I have come to the conclusion from my own experiences that weightloss is more complicated than metabolism. Face it, before starting LCHF, most of us have a lifetime of bad habits, health problems and digestive issues. If you're not digesting properly, you can eat all great food but still not getting all the benefits. I feel great on real food, high fat, yet I still struggle to lose weight, and my bowel movements are not optimal. I finally got an answer for why for me, I have SIBO, which for some people can prevent weightloss. I also have PCOS, so that combination doesn't help. Trying to treat SIBO with low carb only can take years for some people, so I'm treating it with herbal antibiotics, and taking digestive enzymes with ox bile and betaine hcl to assist with my digestion. I have had to reintroduce some carbs in order for my bacterial growth to be active otherwise they can be resistant to antimicrobials, but these will be gone once I've finished my 6 weeks. There can be lots of different things that impact on our ability to lose weight, youcould be eating something that causes inflammation for you personally, you could have high cortisol levels or some other hormonal imbalance. It's worth looking further for more answers.
  9. Lomax Zoltor
    You might also want to throw in some intermittent fasting. Fast-5 seems like a good way to go that tons of people have had success with. I use an alteration of the 5-2 diet:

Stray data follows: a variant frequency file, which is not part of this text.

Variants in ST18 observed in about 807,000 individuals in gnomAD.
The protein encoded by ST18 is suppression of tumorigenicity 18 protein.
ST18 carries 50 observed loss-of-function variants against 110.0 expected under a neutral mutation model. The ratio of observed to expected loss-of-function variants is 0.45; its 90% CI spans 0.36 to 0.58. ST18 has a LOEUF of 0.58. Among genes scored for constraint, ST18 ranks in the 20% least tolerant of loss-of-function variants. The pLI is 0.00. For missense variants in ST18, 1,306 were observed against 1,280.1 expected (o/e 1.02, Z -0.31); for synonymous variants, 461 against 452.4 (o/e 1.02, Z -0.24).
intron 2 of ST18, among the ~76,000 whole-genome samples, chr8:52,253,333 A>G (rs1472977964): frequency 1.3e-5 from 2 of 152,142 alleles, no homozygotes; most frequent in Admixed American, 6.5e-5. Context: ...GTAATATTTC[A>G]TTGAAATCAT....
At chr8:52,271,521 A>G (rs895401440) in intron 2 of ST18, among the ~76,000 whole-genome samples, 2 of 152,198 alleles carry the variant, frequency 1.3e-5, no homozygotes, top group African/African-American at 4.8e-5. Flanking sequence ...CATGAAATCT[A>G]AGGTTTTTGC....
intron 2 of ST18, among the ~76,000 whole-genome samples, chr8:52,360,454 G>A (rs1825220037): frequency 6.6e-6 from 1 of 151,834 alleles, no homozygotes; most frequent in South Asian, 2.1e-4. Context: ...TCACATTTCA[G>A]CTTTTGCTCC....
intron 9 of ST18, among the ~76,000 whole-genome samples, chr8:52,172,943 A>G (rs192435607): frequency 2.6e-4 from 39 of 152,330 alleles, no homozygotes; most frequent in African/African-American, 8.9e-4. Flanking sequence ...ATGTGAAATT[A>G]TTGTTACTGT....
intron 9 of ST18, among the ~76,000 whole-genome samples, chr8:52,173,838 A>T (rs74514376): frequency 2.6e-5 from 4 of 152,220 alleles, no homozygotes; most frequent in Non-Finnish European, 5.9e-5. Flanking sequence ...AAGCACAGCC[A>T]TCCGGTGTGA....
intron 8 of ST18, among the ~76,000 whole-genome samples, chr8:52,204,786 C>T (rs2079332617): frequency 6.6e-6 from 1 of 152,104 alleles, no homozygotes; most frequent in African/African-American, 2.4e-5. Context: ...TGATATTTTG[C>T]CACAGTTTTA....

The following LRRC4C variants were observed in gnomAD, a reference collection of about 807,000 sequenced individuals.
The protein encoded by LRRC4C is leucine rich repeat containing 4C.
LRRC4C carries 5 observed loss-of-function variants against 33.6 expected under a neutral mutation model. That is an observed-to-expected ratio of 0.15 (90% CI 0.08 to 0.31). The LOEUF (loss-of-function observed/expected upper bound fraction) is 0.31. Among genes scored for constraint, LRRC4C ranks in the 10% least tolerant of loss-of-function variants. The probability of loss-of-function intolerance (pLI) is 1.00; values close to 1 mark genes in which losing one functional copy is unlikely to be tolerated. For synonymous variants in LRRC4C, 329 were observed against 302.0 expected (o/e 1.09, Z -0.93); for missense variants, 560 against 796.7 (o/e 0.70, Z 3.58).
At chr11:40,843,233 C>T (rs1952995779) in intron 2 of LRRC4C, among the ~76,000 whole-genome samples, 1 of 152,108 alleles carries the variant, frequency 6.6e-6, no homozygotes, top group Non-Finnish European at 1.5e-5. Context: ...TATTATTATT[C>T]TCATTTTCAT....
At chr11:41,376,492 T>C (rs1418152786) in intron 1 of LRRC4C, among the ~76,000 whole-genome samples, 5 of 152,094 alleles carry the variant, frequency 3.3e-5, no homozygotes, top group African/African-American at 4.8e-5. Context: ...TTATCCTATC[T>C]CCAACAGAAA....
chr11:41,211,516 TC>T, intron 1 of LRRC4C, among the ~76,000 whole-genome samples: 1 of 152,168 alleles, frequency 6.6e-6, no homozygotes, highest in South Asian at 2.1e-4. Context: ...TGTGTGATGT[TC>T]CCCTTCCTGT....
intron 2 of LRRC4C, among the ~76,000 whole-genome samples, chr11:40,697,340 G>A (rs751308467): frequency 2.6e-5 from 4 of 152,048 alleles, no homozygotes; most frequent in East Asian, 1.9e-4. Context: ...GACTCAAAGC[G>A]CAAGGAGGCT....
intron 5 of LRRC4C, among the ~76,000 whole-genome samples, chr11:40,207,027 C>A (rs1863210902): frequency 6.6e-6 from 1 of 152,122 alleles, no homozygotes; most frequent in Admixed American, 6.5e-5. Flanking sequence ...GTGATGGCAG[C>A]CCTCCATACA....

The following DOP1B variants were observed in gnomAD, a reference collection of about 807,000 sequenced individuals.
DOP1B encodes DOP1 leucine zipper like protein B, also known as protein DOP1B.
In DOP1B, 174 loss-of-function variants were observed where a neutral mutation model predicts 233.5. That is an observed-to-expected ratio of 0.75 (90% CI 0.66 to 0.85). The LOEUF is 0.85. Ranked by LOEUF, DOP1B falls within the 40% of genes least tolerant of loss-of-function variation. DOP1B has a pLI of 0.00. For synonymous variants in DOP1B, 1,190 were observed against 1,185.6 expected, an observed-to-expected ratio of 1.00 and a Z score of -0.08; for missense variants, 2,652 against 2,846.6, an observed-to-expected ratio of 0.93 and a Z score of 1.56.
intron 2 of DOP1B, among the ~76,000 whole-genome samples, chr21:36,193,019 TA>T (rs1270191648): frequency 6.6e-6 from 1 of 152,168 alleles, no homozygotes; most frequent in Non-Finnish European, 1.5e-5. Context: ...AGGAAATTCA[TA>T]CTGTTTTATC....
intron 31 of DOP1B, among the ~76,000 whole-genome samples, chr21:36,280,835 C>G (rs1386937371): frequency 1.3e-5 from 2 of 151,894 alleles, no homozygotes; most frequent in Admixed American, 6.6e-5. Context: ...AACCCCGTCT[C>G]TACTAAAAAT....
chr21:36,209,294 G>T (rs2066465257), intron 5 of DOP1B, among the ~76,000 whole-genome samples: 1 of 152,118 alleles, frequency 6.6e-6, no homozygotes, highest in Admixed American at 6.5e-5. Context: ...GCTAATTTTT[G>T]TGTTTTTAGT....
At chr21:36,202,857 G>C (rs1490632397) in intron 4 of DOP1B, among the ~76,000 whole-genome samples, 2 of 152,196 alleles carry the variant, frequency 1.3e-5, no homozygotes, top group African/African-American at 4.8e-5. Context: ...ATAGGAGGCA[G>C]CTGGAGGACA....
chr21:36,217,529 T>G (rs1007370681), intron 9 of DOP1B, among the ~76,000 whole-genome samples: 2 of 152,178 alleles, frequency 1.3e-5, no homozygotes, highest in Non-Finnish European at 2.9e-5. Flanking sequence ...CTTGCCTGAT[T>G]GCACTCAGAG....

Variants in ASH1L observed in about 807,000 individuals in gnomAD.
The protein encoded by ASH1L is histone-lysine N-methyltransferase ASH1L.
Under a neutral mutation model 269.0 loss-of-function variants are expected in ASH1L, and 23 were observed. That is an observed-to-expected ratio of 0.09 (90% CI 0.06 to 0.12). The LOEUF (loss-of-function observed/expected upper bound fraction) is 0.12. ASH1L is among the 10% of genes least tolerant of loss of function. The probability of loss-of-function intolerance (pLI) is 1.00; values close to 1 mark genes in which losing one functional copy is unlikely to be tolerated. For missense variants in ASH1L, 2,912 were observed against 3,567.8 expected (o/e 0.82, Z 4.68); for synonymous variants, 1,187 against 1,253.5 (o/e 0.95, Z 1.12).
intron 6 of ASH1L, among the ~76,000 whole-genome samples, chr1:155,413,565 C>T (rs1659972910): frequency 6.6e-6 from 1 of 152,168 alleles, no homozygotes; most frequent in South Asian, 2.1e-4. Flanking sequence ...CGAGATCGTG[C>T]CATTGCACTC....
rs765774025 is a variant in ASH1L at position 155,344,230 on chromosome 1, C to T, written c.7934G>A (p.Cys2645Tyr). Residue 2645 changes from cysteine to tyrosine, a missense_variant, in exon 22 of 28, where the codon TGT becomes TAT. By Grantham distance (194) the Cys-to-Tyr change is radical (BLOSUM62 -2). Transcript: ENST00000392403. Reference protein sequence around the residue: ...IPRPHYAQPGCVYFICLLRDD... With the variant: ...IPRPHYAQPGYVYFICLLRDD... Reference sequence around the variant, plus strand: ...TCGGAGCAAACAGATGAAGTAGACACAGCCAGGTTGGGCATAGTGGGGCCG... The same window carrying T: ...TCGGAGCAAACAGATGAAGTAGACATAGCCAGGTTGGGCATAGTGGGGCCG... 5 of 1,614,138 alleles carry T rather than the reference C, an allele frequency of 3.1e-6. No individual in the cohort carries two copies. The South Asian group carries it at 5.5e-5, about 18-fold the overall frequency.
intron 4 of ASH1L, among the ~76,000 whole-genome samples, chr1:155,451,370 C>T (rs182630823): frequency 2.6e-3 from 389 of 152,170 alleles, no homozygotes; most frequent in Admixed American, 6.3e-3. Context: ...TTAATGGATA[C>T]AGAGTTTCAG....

1. Don't eat before noon.
    2. Eat "normal" LCHF diet 5 days out of the week.
    3. On one day of the week eat a small (400-600cal) LCHF meal for either lunch or dinner.
    4. On another day, don't eat anything. Just water/tea/coffee.

    I've been stable at about 12% body-fat and am never hungry, even on fast days.

    You also might want to be careful with nuts because it's so easy to over-consume them (one day I ate about 800cal of macadamia nuts without even realizing it).

  10. Lori Miller
    Um...Atkins *is* LCHF.
    Reply: #12
  11. tz
    Metabolism is a factor. My Father's side has few problems even without eating right, and he wasn't thin even in the army as infantry.
    Eating is habit. If you aren't hungry, don't eat even if the clock says it is breakfast, lunch, or dinner time. Conversely, if you have a craving, eat something LCHF, maybe salty, spicy, just not carbs.
    Also, health is ot a weight. Most people won't look like supermodels. What is your BMI might be a better question. A weightlifter can be heavy and healthy.
  12. Sean
    You're right, Lori. Atkin's falls within the LCHF realm. If you're a LCHF believer, then Atkin's will likely be pretty close to the mark. My only concern about it is that it markets questionable products under the low carb banner that have thwarted the weight loss of many and aren't really low carb.

    For me, I tried low carb in the past but didn't stick with it. So I'm not disparaging it- just saying that it stopped working for me because I failed to take calorie balance into account. So even though I stayed in "induction" for months, looking back I see that my total calories were much too high. For example, I would eat lot's of nuts (as Lomax mentioned) and then was confused why my weight loss stalled.

    Reply: #13
  13. Lori Miller
    Sean, I'm looking at the book Dr. Atkins Diet Revolution from 1972. There have been some further iterations of the book, but going by conversations with a good friend who's on Atkins and has the latest book (New Atkins for a New You), I don't think the program has changed much in 40 years.